The majority of lesions of onchocerciasis are caused by the host's inflammatory response to dead and dying microfilariae. These dying microfilariae cause local inflammation, leading to damage to surrounding tissues, which accumulates and produces the pathological features of the disease. Early skin changes include perivascular inflammatory infiltrates of eosinophils, plasma cells, histiocytes and lymphocytes; hyperkeratosis; acanthosis, with increased melanin in the upper dermis and dilated tortuous lymph and blood capillaries. This progresses to loss of elastic fibres, fibrosis and eventual atrophy of the epidermis associated with binding of eosinophil-derived protein (MBP, major basic protein) to elastic fibres. Skin lesions may, consequently, show a wide range of histopathological appearances, including acute exudative, granulomatous and fibrotic changes.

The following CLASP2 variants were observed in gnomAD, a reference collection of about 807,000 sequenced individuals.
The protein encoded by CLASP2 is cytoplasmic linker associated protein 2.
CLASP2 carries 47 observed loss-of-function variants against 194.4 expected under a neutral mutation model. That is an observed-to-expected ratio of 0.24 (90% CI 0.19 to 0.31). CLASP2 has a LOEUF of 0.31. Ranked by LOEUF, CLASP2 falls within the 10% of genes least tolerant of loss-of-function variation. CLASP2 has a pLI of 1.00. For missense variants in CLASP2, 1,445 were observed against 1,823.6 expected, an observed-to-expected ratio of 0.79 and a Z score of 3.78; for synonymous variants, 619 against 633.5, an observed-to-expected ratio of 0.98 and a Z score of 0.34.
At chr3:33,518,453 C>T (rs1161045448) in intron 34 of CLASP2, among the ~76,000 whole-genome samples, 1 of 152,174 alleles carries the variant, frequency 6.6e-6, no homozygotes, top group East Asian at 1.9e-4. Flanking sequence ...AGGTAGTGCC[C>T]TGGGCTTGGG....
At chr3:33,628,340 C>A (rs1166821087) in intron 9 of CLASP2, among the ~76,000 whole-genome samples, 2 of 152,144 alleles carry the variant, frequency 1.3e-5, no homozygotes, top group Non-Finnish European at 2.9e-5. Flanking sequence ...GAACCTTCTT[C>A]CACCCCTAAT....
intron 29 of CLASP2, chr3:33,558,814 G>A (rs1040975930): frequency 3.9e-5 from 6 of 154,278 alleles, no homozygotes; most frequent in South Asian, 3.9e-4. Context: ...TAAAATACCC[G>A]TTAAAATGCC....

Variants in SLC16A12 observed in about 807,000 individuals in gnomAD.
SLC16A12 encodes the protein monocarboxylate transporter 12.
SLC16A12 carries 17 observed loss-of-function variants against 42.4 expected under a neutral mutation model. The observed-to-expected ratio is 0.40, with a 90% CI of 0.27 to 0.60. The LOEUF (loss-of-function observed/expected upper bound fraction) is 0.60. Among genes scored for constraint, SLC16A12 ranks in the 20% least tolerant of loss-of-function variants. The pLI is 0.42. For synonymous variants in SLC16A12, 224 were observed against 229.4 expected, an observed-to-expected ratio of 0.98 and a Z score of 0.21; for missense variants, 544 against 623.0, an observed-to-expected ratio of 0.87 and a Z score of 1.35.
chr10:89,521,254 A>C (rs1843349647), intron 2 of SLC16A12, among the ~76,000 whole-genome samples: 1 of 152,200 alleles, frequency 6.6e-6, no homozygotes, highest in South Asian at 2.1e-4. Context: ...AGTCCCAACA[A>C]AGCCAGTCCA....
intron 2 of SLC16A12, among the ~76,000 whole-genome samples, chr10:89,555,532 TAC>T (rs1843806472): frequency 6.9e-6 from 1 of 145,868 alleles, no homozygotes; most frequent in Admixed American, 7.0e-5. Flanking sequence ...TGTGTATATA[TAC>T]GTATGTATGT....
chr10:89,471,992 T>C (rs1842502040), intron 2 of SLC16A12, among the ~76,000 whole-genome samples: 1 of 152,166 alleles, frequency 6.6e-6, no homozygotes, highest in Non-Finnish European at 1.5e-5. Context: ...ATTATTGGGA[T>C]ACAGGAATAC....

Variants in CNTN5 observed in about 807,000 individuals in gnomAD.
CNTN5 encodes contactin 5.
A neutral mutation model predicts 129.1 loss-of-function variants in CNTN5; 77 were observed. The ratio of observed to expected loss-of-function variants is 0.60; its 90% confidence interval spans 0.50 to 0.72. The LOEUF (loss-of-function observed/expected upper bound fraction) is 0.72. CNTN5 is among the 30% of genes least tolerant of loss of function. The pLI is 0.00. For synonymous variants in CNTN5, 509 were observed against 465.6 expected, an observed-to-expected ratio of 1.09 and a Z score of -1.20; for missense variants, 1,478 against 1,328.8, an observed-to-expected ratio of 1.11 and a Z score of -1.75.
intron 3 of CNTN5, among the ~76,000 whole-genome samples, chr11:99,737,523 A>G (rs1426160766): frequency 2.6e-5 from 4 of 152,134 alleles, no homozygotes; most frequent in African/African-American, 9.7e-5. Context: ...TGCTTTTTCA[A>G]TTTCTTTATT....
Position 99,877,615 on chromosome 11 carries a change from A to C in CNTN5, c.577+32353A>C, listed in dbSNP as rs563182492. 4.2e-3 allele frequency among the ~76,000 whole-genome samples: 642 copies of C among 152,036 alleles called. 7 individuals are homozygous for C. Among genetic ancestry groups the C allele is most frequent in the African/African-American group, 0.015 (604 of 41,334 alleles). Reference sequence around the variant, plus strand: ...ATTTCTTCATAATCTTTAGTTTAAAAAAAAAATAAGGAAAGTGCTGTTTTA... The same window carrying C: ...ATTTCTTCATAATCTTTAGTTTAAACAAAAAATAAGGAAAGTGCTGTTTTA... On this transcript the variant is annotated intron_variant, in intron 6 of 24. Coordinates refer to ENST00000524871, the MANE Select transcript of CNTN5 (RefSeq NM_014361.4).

Ocular lesions are also thought to be directly or indirectly related to invasion and local death of microfilariae. The snowflake opacities of punctate keratitis are focal collections of lymphocytes and eosinophils, with some transient interstitial oedema around dead or dying micro-filariae. Sclerosing keratitis, by contrast consists of an inflammatory exudate, mainly of lymphocytes and eosinophils, scarring and a fibrovascular pannus formation. Uveitis and chorioretinitis are usually low-grade, chronic non-granulomatous inflammatory processes involving lymphocyte and macrophage infiltration.
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